O'Driscoll magic sinks Scots
March 2, 2002
Brian O'Driscoll races away to score one of his hat-trick of tries
© Getty Images
Brilliant Brian O'Driscoll revived Irish Six Nations title hopes with his second international hat-trick at Lansdowne Road.
The Lions centre set up the opening try, created a second, then ran the length of the field for a third, before rounding off an emphatic win by splitting the visitors' defence in the final minute as Ireland put the miseries of Twickenham behind them in emphatic fashion.
England's defeat in Paris has thrown the championship race wide open, and if Ireland can follow up this success by slaughtering Italy in two weeks time, a repeat of the 2000 win over France at the Stade de France in April could yet see them take the title.
Given that it was defeat to Scotland in Edinburgh last September which cost them the trophy last year, victory today was particularly sweet, and thrillingly, O'Driscoll was at its heart.
In the build-up to the game, Scotland coach Ian McGeechan admitted he had no special plans for stopping arguably the most feared attacker in the competition.
How he might have wished he had revised that opinion as he trooped in to address his team at the end.
The brilliant Lions centre, who burst onto the scene with his first hat-trick against Ireland in Paris two years ago, completely wrecked what had been a decent first half for the visitors, before hammering the final nail into the Scottish coffin.
In an error-strewn contest, Scotland had held their own, and with Brendan Laney again looking like the answer to a perennial goalkicking problem, they had edged ahead after David Humphreys' opening penalty.
But Scotland's defence stood off O'Driscoll as he linked into the line as the ball moved left from a five-metre scrum, and he burst through the gap for his first touchdown.
Humphreys missed the conversion, so O'Driscoll was forced to delve into his bag of magic tricks to put his team in front.
After taking Eric Miller's long pass, the Leinster star seemed certain to be submerged beneath a sea of Irish defenders, but spotted Shane Horgan hanging about on the right wing and produced a perfect 30-metre pass to find him.
Any thoughts that O'Driscoll had done enough damage were cruelly shattered two minutes from the break, when Laney spilled a poor Bryan Redpath pass and hared off 80 metres downfield to breathless cheers from the home support, who had also raised the roof on hearing of England's demise.
A combination of niggling injuries and disjointed Irish forward play kept the star home centre out of the second-half action.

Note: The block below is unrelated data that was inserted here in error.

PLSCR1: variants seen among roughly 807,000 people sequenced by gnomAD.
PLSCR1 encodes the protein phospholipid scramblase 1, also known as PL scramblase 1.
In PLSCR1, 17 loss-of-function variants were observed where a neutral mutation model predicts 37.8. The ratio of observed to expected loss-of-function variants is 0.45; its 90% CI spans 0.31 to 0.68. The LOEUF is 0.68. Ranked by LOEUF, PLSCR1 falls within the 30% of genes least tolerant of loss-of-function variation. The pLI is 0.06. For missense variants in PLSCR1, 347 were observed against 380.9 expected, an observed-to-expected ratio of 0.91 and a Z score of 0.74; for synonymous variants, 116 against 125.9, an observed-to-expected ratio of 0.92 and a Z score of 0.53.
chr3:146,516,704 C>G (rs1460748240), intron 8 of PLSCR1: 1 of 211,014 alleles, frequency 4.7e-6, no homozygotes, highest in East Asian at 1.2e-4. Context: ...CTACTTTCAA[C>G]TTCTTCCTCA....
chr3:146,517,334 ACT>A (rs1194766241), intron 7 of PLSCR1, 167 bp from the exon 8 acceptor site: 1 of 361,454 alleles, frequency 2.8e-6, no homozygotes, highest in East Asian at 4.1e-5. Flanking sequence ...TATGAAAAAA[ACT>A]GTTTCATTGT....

But, with the clock ticking down, he moved into the line as he had done an hour earlier, and sprinted through the gaping hole.
The scoreline was just one Irish point short of being an exact replica of the previous Dublin meeting between the teams but Scotland only had themselves to blame as their efforts were constantly undermined by indiscipline and a failure to convert positions of promise.
It was all rather harsh on visiting second-rowers Scott Murray and Stuart Grimes, who completely dismantled the Irish line-out.
Scotland have established themselves as the best poachers of opposition ball in the world, and the duo's efforts today only enhanced that reputation.
Evidently though, McGeechan's team are deficient in other departments, and with Townsend not having one of his most effective outings, they lacked the guile to break down the Irish defence.
Promising centre Andrew Henderson did manage to cross, only for the effort to be ruled out for an earlier knock-on, and, having escaped a period of pressure by conceding just a single penalty, Ireland stretched their lead with two more Humphreys kicks.
Scotland looked beaten as the hour mark passed, and their hopes took another nosedive when Pountney, back after an abdominal problem, was yellow carded as referee Nigel Whitehouse decided to act after a string of petty offences.
Humphreys converted, then sent replacement back-row Simon Easterby charging home with a neat reverse pass after James McLaren had fumbled 20 metres from his own line.
Martin Leslie briefly raised a visiting cheer when he drove over near the end, but the roars were all for O'Driscoll as he rounded off the win.
In the blink of an eye, a winger can go from a hero to villain. Hugh Godwin talks to Zac Guildford and David Strettle about life on the flank
Munster, No.8s, the imploding Australians, wonderful Glasgow and Lancaster's dilemma - it is Monday Maul time
As Ewen McKenzie exits stage left, the ARU remains under huge pressure, with CEO Bill Pulver feeling the brunt of Australian rugby's displeasure, Greg Growden writes
The latest Week in Pictures takes in the remarkable events in Brisbane and the first round of the European Rugby Champions Cup